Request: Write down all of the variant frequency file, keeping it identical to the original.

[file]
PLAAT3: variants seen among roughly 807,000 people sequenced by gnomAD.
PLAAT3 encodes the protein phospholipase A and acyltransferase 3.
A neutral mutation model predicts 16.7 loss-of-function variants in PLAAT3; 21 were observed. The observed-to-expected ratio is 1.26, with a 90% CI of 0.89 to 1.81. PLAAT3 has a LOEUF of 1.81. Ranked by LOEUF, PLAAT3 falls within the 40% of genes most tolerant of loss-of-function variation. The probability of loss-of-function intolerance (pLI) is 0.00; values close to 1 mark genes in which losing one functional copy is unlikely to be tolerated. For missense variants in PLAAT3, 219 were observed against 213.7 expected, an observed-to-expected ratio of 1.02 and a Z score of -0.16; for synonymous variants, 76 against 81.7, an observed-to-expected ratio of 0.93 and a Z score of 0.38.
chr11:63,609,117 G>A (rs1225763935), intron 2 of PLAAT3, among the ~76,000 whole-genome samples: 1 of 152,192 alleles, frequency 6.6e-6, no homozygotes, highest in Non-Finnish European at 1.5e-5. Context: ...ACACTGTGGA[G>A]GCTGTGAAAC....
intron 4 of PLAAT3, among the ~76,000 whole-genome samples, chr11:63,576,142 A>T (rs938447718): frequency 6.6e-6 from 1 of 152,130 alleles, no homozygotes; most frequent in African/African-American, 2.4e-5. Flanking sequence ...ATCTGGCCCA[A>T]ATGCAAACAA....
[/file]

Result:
PLAAT3: variants seen among roughly 807,000 people sequenced by gnomAD.
PLAAT3 encodes the protein phospholipase A and acyltransferase 3.
A neutral mutation model predicts 16.7 loss-of-function variants in PLAAT3; 21 were observed. The observed-to-expected ratio is 1.26, with a 90% CI of 0.89 to 1.81. PLAAT3 has a LOEUF of 1.81. Ranked by LOEUF, PLAAT3 falls within the 40% of genes most tolerant of loss-of-function variation. The probability of loss-of-function intolerance (pLI) is 0.00; values close to 1 mark genes in which losing one functional copy is unlikely to be tolerated. For missense variants in PLAAT3, 219 were observed against 213.7 expected, an observed-to-expected ratio of 1.02 and a Z score of -0.16; for synonymous variants, 76 against 81.7, an observed-to-expected ratio of 0.93 and a Z score of 0.38.
chr11:63,609,117 G>A (rs1225763935), intron 2 of PLAAT3, among the ~76,000 whole-genome samples: 1 of 152,192 alleles, frequency 6.6e-6, no homozygotes, highest in Non-Finnish European at 1.5e-5. Context: ...ACACTGTGGA[G>A]GCTGTGAAAC....
intron 4 of PLAAT3, among the ~76,000 whole-genome samples, chr11:63,576,142 A>T (rs938447718): frequency 6.6e-6 from 1 of 152,130 alleles, no homozygotes; most frequent in African/African-American, 2.4e-5. Flanking sequence ...ATCTGGCCCA[A>T]ATGCAAACAA....